I visited Istanbul, Turkey based on the recommendation of friends. Istanbul sits at the juncture of two continents, making it both a European and Asian city. Istanbul, which in Greek means “I’m on my way to the city”, has a current population of 17 million and sits on seven hills.
The city of Istanbul is filled with incredible history and architecture. I stayed in the Sultanahmet area, which is a major tourist area. Life in the neighborhood begins early as the first call to worship begins at 4:30 a.m. Local vendors, such as simit (round bread with poppy seeds) sellers begin pushing their carts down the street early and the sounds of seagulls from the Sea of Marmara awaken visitors.
1. Blue Mosque
Legend has it that this name originated from a French tourist describing the tiles inside the mosque to a friend. This mosque is known as Sultanahmet Mosque to locals. This mosque is active and is the city’s second largest. On entering, shoulders must be covered and tourists who are improperly dressed will be handed a cloak for covering. Head scarves are optional. Shoes must be removed and each individual will be given a plastic bag to carry their shoes. The blue tiles inside the mosque are really beautiful and the architecture is spectacular.
2. Haghia Sophia
Haghia Sophia, which means “Divine Wisdom”, is one of the most popular tourist sites in Istanbul. Haghia Sophia was built as a Byzantine church cathedral and then converted to a Mosque after the Ottoman conquest of Constantinople in 1453. Haghia Sophia is now a museum and expect lots of lines before entering. Inside Haghia Sophia there is a lot to see but one of my favourite parts was the wishing wall. This is a wall, which stays moist, where you put your thumb into a hole, moving your palm back and forth across a round area and make a wish. There is also a resident stray cat who lives in Haghia Sophia that is locally famous. The Prime Minister and several film crews have come just to see the cat. The cat seemed to enjoy photographers and I had to laugh that one local compared the cat to a model on the catwalk.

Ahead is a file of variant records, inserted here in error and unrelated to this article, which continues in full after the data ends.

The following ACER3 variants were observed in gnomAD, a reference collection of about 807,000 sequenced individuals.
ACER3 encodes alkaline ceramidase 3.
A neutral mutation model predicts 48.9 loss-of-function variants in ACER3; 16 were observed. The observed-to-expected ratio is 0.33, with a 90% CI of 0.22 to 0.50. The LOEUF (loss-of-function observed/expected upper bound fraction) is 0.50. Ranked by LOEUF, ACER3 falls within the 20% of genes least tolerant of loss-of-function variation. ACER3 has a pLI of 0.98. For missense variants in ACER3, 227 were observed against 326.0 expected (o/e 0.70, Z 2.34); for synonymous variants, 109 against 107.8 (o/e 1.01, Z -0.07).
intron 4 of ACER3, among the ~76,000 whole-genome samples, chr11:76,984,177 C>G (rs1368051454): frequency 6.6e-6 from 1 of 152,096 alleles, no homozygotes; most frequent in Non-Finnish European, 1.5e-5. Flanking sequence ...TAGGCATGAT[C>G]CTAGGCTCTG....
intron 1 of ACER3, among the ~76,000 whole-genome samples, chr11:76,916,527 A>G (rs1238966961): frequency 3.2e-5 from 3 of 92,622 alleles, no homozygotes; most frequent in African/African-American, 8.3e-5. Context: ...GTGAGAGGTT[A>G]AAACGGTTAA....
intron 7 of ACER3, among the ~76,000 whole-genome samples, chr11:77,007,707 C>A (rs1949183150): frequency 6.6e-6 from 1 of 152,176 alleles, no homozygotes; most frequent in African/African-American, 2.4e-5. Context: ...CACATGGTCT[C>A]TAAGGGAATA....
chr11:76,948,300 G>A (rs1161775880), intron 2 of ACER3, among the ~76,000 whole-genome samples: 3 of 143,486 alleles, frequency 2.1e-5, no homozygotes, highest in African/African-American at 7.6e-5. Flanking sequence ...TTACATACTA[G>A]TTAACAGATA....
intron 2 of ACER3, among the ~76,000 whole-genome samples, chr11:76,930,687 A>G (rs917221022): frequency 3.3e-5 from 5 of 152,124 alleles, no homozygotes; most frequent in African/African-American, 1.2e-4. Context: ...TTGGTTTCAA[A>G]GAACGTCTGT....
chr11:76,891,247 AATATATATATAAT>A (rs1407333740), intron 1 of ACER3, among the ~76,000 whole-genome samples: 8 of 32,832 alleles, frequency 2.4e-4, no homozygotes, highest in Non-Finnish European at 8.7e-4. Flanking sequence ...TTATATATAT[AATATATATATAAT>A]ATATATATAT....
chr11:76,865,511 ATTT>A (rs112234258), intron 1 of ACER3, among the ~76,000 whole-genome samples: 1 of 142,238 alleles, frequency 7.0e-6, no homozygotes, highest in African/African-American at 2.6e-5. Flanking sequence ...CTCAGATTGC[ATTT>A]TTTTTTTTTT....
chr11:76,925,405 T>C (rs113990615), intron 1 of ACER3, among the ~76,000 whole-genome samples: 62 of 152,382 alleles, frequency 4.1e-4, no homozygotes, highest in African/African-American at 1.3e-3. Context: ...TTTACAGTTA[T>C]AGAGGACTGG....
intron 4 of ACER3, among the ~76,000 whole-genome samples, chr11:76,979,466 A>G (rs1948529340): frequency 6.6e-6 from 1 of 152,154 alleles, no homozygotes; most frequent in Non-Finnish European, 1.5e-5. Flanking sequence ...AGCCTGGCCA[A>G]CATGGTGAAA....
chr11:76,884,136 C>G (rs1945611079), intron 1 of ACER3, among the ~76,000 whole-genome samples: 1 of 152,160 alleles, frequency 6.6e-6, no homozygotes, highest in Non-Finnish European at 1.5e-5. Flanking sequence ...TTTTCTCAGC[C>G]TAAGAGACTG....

3. Basilica Cistern
The basilica was one of my favourite sites, which is a Byzantine vast underground cistern across the street from Haghia Sophia. Inside is fantastic architecture including two heads of Medusa in different positions. No one knows why one head is upside down. The cistern can be a little creepy, however, as lighting is low and fish are swimming all through the cistern. Some of the fish are surprisingly large so big splashes can be heard in the dark. All of the history and buildings in Sultanahmet are incredible and most people are very friendly, but there are a few downsides. The biggest downside I saw was the aggressive Turkish rug salesmen who prey on tourists. These salesmen use various tactics (some of them not very nice) to try to lure you into their shops. Some of the locals warned me that these salesmen make commissions in the area of 35-50%, so the incentives to sell are substantial.
I actually planned some of my walks through Sultanahmet based on whether a street had a carpet shop. The other downside I was warned about was taxis taking advantage of visitors. I mainly walked everywhere and only took taxis to and from the airport. The two cabs I used were extremely nice and very honest but I was warned that some cabs are not. If you are visiting Istanbul, be sure the cab meter works or that you are being charged day rates. Apparently, some drivers will switch to rate 2 (or two dots on the meter) which is double the normal rate.